Close friends and former Atlanta Falcons teammates Julio Jones and Roddy White have spent plenty of time together this offseason, including a recent trek to Los Angeles and multiple visits to the Carribean.
During those trips, White insisted neither discussed Jones’ contract situation that is tied to his absence from the Falcons’ offseason workouts.new nike nfl jerseys cheap
“Two rich people don’t talk about money,” White said with a laugh.
At the same time, White understands there is a reason for Jones to be a bit perplexed about his contract situation despite having three years and almost $35 million left on his deal.
A quick glance around the league shows seven receivers who average more than Jones’ $14.25 million per year, led by Pittsburgh’s Antonio Brown at $17 million per year. When Jones signed a five-year, $71.25 million contract extension in August 2015, he received $47 million guaranteed — the same amount of guaranteed money Jarvis Landry secured after being traded to Cleveland from Miami. Tampa Bay’s Mike Evans tops all receivers with $55 million guaranteed as part of a five-year, $82.5 million extension he signed in March. Jones is set to make $10.5 million in 2018, 12th most among all receivers.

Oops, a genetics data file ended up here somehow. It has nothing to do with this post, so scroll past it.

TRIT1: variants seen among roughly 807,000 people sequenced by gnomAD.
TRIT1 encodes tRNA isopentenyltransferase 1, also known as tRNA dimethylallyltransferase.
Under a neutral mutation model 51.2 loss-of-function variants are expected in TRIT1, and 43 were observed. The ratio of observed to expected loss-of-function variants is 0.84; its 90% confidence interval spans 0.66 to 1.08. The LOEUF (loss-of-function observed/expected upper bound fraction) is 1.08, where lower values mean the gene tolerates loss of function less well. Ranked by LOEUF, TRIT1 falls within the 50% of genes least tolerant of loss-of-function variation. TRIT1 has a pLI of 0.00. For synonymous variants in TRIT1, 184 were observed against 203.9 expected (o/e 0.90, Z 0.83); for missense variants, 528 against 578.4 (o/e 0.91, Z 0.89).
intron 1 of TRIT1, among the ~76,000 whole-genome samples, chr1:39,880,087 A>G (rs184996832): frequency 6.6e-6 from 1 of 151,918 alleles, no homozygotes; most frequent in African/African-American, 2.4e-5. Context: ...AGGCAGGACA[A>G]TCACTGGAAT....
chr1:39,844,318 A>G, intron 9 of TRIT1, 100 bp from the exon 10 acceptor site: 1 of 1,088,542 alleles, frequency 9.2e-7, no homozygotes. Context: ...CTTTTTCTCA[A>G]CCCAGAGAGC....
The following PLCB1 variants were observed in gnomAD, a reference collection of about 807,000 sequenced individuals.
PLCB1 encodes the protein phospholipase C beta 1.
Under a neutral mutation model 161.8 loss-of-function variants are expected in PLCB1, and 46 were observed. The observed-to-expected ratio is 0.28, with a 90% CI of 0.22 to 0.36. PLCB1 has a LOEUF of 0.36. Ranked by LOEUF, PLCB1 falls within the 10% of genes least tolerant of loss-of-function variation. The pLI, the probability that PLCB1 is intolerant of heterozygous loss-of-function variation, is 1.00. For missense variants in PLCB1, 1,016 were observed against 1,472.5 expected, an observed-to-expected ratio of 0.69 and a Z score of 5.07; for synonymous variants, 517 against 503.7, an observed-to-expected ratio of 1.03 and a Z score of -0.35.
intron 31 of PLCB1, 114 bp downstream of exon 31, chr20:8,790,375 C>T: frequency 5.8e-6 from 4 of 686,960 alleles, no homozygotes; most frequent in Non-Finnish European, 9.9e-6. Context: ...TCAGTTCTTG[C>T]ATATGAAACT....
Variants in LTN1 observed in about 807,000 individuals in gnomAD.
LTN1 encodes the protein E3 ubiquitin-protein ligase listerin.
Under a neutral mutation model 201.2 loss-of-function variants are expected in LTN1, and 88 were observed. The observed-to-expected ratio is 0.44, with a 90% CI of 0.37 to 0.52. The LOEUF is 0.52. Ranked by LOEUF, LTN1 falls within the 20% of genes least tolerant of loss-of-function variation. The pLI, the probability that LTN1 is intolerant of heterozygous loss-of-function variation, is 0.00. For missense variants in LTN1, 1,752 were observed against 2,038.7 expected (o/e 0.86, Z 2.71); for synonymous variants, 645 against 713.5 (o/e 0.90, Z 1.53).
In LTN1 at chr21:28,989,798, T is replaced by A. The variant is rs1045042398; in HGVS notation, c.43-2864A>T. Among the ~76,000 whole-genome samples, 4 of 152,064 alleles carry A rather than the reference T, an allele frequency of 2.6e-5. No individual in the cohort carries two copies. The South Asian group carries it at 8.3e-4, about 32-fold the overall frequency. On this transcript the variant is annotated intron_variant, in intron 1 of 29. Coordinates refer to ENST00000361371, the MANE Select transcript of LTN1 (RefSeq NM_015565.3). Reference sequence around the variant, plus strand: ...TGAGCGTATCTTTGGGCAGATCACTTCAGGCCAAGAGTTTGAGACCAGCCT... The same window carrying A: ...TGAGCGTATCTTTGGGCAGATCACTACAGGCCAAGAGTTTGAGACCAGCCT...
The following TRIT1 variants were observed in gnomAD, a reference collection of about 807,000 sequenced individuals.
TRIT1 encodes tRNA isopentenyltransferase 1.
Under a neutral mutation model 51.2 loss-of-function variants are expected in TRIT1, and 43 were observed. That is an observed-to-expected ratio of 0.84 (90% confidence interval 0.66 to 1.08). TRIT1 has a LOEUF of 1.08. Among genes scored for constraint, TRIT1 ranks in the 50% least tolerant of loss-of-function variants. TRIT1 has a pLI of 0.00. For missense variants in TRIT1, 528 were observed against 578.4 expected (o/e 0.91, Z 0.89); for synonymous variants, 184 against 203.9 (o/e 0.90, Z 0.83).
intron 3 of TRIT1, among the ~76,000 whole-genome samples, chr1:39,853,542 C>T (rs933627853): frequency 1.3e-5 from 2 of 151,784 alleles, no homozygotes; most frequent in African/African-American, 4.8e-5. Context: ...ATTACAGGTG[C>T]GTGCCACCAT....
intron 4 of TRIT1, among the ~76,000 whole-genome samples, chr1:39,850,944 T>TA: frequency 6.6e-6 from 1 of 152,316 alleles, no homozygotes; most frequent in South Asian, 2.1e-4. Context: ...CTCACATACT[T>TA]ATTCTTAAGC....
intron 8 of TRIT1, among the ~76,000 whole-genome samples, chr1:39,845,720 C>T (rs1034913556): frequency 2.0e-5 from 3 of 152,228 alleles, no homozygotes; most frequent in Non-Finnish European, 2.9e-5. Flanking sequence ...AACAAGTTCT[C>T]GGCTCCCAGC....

Naturally, the market value increases as the salary cap increases. But on paper, White firmly believes Jones has a valid argument for a revised contract and raise.
“It’s a tough situation, especially for him because he just signed a deal three years ago,” White said, “but the numbers would tell you he’s way, way, way outplayed being paid the amount of money that they’ve given him.nike nfl jerseys cheap paypal
“A lot of times, you don’t want to rub people the wrong way. On the other hand, when people look at the numbers and start stacking them up against people that are making more money than him, then it verifies that he should be paid a lot more money. Yes, he deserves to be the highest-paid [receiver]. I think he does, based on performance. For me, that’s a no-brainer.”
White, the Falcons’ all-time leading receiver who went through a contract saga with the team, has mentored Jones over the years and is willing to serve as an adviser now — if needed. Falcons coach Dan Quinn said he expected Jones to be present when the Falcons held their three-day mandatory minicamp Tuesday through Thursday. Players who skip mandatory minicamp are subject to maximum fines of $14,070 the first day, $28,140 the second day, and $42,215 the third day.